Write an "I Used To, Now I" Poem
Children love watching old home movies or looking at old photos of when they were younger. They are usually amused with their past behavior and often find it difficult to believe they once behaved differently and were unable to do things that come very naturally to them today. In this poetry-writing activity, let your child reflect on the past. This activity is not only a good opportunity for both of you to reminisce, but is also a fun way to practice word usage, writing, and poetic structure.
What You Need:
- Several sheets of lined paper
- Photo albums or home videos of your child when they were younger (optional)
- Computer to publish final copy, or spiral notebook for poetry journal (optional)
What You Do:
- Start by taking a walk down memory lane. Find and look at old home videos and photo albums to remind your child of who he used to be and what he used to do.
- As you look through this memorabilia, have your child make a list of things he did when he was a baby, toddler, preschooler, or kindergartener that he does differently now. Things on this list might include: crawling, drinking from a bottle, sleeping in a crib, etc.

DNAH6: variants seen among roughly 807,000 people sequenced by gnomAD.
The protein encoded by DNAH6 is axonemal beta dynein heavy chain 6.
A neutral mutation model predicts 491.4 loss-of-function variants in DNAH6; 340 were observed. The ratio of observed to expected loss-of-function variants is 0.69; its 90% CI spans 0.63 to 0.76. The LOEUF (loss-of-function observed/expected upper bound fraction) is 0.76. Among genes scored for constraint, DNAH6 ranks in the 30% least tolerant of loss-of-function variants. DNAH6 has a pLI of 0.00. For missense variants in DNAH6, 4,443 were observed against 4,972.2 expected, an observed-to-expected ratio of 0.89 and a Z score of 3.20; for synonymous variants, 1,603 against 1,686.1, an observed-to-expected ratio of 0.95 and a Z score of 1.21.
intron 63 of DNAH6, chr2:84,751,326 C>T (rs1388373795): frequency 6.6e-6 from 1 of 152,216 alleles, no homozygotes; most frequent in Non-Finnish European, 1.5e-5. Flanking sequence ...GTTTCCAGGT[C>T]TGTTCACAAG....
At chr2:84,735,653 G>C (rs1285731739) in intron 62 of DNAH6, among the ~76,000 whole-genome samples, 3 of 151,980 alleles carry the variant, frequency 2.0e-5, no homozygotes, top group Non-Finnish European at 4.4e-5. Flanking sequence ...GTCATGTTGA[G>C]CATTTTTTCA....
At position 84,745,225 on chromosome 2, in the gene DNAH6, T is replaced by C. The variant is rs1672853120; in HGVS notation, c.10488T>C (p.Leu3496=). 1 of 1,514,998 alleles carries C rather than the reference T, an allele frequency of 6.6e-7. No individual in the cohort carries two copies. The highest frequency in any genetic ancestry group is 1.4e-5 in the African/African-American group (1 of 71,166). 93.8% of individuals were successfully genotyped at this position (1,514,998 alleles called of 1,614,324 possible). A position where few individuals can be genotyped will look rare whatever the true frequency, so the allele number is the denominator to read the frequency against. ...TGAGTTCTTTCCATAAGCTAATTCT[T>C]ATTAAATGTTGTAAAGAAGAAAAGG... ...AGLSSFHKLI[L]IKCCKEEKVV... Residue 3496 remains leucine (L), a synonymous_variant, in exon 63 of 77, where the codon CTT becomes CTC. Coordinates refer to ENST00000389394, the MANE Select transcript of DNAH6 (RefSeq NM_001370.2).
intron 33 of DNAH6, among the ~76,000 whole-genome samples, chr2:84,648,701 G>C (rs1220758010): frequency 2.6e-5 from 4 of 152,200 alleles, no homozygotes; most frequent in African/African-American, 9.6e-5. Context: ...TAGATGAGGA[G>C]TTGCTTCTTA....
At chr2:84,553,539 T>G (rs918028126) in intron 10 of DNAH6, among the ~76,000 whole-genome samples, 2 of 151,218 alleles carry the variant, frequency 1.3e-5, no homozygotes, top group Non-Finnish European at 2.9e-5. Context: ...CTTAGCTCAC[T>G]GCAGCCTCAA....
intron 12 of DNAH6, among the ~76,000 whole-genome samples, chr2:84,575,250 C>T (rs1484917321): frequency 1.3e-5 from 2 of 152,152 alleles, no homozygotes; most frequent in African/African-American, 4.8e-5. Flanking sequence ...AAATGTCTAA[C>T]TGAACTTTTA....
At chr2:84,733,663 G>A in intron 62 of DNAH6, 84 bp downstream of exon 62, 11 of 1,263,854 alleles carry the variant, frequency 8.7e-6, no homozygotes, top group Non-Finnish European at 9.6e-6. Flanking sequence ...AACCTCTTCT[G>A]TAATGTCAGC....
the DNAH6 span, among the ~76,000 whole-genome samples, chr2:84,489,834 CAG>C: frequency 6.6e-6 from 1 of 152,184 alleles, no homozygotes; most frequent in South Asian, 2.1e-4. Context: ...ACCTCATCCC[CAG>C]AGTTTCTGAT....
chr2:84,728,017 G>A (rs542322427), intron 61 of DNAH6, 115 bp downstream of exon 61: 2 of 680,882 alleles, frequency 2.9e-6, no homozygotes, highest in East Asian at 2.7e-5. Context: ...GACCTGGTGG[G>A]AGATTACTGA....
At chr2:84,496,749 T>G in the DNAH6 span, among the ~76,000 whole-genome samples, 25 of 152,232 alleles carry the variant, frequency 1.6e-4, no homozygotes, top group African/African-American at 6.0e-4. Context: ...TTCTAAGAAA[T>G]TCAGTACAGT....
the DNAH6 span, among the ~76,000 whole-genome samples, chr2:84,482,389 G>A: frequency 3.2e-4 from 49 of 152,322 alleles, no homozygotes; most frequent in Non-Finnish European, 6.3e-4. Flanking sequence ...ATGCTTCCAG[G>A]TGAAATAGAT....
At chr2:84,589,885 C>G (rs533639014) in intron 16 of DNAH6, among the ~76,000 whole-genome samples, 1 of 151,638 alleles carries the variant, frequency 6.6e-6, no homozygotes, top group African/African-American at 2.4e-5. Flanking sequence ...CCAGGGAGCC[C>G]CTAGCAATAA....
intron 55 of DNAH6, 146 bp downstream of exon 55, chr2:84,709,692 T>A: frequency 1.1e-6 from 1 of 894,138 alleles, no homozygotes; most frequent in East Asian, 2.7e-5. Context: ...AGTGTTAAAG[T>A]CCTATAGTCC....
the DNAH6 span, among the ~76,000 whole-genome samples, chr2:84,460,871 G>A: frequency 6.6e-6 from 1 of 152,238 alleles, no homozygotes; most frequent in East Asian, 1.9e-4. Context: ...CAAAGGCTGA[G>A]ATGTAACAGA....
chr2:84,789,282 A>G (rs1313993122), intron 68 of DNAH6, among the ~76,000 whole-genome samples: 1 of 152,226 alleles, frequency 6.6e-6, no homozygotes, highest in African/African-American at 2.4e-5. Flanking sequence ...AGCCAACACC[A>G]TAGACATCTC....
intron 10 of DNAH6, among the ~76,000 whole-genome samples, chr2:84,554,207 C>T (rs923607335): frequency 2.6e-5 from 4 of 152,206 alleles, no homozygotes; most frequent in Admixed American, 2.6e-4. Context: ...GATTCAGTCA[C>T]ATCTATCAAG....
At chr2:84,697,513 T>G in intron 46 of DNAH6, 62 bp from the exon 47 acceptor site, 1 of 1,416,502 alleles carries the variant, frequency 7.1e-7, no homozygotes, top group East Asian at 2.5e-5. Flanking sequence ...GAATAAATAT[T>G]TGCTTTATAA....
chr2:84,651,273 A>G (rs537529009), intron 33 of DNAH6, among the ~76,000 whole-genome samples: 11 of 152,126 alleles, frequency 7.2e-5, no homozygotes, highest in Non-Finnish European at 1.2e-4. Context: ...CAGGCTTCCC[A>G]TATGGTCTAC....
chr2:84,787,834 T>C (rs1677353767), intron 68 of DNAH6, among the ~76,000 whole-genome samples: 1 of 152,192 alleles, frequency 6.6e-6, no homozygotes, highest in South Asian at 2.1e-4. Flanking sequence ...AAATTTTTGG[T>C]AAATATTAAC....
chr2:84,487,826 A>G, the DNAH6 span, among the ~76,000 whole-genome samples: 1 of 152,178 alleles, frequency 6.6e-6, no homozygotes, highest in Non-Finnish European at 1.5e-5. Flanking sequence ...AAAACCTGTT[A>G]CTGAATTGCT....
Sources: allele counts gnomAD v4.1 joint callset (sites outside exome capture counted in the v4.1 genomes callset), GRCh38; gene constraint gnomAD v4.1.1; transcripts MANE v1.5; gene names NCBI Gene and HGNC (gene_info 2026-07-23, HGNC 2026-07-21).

- Using this list, let him choose six to eight behaviors that he used to do differently than he does now. These behaviors will be used to write the "I used to" portion of the stanzas.
- Write the poem. Each stanza of the poem will consist of two lines. The first line will begin "I used to _", and he can complete it with something he used to do. The second line will begin "Now I _", and he can finish that line with what he does now. For example: "I used to drink from a bottle/Now I drink from a cup."
- Help him correct any errors on the rough copy then have him begin a final copy. He can recopy his poem into a poetry journal, or even type his poem into a word processing program. In either case, have him center the poem in the middle of the page so that he can draw illustrations in the border.
- After printing or finishing the final copy, let him illustrate his poem by drawing pictures of the things he wrote.